5 Inevitables of Traveling Alone

Thinking about setting out on your own? First time? Not sure what to expect? Determined as hell to get out there and do it? Welcome to the family of adventurers that dares to explore the unknown, challenges their bodies and minds, and knows there’s something within each one of us and this world that simply cannot go undiscovered. Traveling alone (especially your first time) is petrifying, exhilarating, energizing and draining. Prepare yourself for waves of emotion, some of which you may have never experienced and others that may seem foreign (pun intended) at first. After visiting Iguazu Falls the first time, I felt an overwhelming thrill that I later related to successfully riding a bike for the first time without training wheels—pure excitement combined with a strange, invigorating, slightly terrified energy. Undoubtedly, your past experiences will shape how you perceive, identify and externalize your emotions, making every expedition unique to you; however, here is some general insight that you can expect when going out on your own for the first time.

1. You will think A LOT

“Think” hardly touches the surface of  what will be running through your mind during certain parts of your adventure. More likely than not, you’ll question life to some extent: Why didn’t I pack less? Why is it so hot? What am I going to eat for supper? Where am I? No, really–I think I’m lost. What am I doing with my life? What is my purpose? The thoughts magnify exponentially. Suddenly, you’ll feel very small noticing how big the world is (cue the emotional roller coaster). You’re bound to feel lonely, sad, and misunderstood at some point, but just as those feelings come, they’ll be replaced with gratitude, excitement, happiness and positive energies.

2. You will notice the little things

Walking down a city street, squishing your toes in the sand, inhaling a deep breath of fresh air: they’re all common occurrences during our beach vacations or traditional travels. Whether it’s with a significant other, your family or a group of friends, you likely miss out on these minute, yet mighty moments. You’re having a conversation; you’re thinking about what to say or do next; realistically, your company will inevitably distract you from being 100% present.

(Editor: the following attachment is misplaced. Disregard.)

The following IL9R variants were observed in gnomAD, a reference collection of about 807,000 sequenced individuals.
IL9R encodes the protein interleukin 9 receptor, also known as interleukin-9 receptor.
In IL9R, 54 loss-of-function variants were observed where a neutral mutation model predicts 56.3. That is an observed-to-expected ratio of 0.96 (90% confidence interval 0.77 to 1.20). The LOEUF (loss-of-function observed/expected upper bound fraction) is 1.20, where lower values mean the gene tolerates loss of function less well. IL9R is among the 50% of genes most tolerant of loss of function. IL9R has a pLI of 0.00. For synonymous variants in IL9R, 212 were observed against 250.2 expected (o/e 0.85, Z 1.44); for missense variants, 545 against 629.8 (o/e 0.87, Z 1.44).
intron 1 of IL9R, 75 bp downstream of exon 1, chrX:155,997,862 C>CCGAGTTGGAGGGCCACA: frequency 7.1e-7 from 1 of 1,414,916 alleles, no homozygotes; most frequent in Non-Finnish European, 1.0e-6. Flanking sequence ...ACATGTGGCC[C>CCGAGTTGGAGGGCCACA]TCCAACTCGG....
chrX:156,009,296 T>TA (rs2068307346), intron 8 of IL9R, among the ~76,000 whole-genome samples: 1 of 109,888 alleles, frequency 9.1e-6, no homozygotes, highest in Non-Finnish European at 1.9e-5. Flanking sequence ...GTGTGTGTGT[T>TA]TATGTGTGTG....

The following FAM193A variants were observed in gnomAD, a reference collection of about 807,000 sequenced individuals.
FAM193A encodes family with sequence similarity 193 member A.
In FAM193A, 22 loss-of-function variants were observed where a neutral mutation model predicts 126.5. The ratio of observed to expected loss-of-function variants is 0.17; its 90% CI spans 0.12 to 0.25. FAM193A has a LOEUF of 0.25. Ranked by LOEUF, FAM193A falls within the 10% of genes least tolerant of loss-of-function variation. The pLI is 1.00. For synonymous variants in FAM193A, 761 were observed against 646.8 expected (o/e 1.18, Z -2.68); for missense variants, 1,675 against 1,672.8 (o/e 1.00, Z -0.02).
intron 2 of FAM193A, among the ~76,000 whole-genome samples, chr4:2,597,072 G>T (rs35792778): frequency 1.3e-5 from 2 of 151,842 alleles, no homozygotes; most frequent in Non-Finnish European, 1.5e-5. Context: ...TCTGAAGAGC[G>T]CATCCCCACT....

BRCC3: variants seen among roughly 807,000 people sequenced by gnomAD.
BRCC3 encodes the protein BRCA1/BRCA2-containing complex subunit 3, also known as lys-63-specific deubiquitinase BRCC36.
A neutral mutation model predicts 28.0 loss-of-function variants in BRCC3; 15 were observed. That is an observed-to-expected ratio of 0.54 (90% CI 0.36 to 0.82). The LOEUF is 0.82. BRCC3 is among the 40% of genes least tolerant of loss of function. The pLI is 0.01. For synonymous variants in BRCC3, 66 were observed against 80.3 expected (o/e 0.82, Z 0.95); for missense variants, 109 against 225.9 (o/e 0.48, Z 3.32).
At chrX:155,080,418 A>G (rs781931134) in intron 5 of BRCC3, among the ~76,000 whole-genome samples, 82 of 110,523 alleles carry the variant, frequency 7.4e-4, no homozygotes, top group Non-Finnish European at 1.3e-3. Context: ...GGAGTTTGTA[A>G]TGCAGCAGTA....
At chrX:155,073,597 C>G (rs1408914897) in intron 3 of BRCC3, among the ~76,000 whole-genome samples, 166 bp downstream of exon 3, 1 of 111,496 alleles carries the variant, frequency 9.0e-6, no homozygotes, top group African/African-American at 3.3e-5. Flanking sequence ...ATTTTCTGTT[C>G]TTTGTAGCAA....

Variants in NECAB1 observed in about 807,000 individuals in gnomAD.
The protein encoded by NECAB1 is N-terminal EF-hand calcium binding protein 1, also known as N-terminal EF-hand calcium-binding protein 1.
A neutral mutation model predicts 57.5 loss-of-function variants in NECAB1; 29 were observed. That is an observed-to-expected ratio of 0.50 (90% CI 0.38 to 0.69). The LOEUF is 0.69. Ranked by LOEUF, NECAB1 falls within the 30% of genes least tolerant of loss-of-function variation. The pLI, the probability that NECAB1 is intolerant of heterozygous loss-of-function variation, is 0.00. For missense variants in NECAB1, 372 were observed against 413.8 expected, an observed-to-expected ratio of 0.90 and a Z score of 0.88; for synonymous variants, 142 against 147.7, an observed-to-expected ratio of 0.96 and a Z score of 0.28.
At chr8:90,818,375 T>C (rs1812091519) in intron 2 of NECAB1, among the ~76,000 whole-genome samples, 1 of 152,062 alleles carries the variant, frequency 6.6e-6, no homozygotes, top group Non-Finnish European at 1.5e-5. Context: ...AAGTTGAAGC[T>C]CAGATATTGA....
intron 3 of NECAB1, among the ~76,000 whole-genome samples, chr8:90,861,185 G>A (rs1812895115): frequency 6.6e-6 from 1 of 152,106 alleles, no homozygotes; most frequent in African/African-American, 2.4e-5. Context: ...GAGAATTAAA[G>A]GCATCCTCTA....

By yourself, you are more attuned to your thoughts and focus on your senses: touch, smell, hearing, sight and taste. Traveling alone in this instance can be comparable to yoga–expect much less stationary. It’s in these moments of acute awareness that you’ll see the artistic graffiti on the run-down street, feel the power of the ocean behind the tiny waves that collapse around your ankles and notice the crisp air flowing into your lungs.

3. Clichés will be redefined

I touched on this one in my study abroad reflection blog, “Life Begins At The End Of Your Time Zone.” It goes hand-in-hand with noticing the little things, and in return, sheds new light on the big things. “There’s no time like the present,” “you can’t judge a book by its cover,” “when the going gets tough, the tough get going,” and “beauty is in the eye of the beholder;” those are a few that have been redefined for me. They’re powerful truths revealed. It’s easy to liberally throw out these phrases in our day-to-day lives, but until you’ve undergone a profound experience, you’ve likely not relished every ounce of wisdom the clichés offer.

4. You will find more of your kind

As long as you’re not a turtle in your shell for the entirety of your trip (a few days is acceptable, expected even), you will encounter people just like you! Personally, I find hostels to be the best place for this. People are traveling the world 24 hours a day, 7 days a week, 365 days a year. There is another traveler out there exploring for the exact same reasons as you. Whether it’s purely for enjoyment and fun, adventure and trailblazing the unknown, or personal exploration and challenge, you’re not alone. When you feel lonely or lost (you will, it’s inevitable), these travelers will be there to fill in those voids–you might even make new lifelong friends.

5. Coming home won’t be easy

You might be thrilled to be on your flight home, see familiar faces, speak in your first language, hug and kiss loved ones. Returning to your ways will be easy, but you’ll notice something has changed. It might not be right away and it might not be obvious, but you won’t be able to deny a strange feeling that courses through your mind. I wouldn’t say it’s culture shock, but personal shock. You’ve experienced things that no one else in your life has, and as much as you try to retell your adventures, no one gets it. No one has seen what you’ve seen. No one has thought what you’ve thought. No one has felt what you’ve felt.

I’ve found it tempting to seclude myself and isolate my thoughts and feelings, even suppress them. I have newfound dreams, aspirations and motivations because of my first trip traveling solo and no one truly understands. Day after day, I’m finding new ways to embrace these uncharted thoughts and feelings, and propagate energy from them, knowing that they, different from nearly everything else in my life, are entirely my own.

Adventure on, solo travelers. Taking steps into the unknown only helps us to map it out.



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